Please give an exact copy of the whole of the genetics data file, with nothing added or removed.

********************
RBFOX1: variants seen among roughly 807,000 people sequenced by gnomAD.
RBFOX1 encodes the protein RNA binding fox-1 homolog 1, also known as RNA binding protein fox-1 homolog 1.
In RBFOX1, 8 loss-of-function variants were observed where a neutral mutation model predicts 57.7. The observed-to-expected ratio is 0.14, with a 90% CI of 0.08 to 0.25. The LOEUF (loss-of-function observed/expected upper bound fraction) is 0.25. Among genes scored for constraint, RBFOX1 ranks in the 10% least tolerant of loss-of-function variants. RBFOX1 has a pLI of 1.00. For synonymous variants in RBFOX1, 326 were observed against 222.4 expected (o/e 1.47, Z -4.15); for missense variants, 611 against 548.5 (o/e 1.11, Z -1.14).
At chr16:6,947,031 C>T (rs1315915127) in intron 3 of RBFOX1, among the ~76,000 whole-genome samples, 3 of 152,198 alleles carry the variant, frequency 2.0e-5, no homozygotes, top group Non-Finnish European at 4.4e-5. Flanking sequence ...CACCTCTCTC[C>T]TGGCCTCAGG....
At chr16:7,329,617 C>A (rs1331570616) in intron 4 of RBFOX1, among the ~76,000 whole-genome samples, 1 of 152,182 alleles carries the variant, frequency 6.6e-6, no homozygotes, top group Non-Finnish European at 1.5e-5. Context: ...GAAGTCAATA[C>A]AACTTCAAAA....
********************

RBFOX1: variants seen among roughly 807,000 people sequenced by gnomAD.
RBFOX1 encodes the protein RNA binding fox-1 homolog 1, also known as RNA binding protein fox-1 homolog 1.
In RBFOX1, 8 loss-of-function variants were observed where a neutral mutation model predicts 57.7. The observed-to-expected ratio is 0.14, with a 90% CI of 0.08 to 0.25. The LOEUF (loss-of-function observed/expected upper bound fraction) is 0.25. Among genes scored for constraint, RBFOX1 ranks in the 10% least tolerant of loss-of-function variants. RBFOX1 has a pLI of 1.00. For synonymous variants in RBFOX1, 326 were observed against 222.4 expected (o/e 1.47, Z -4.15); for missense variants, 611 against 548.5 (o/e 1.11, Z -1.14).
At chr16:6,947,031 C>T (rs1315915127) in intron 3 of RBFOX1, among the ~76,000 whole-genome samples, 3 of 152,198 alleles carry the variant, frequency 2.0e-5, no homozygotes, top group Non-Finnish European at 4.4e-5. Flanking sequence ...CACCTCTCTC[C>T]TGGCCTCAGG....
At chr16:7,329,617 C>A (rs1331570616) in intron 4 of RBFOX1, among the ~76,000 whole-genome samples, 1 of 152,182 alleles carries the variant, frequency 6.6e-6, no homozygotes, top group Non-Finnish European at 1.5e-5. Context: ...GAAGTCAATA[C>A]AACTTCAAAA....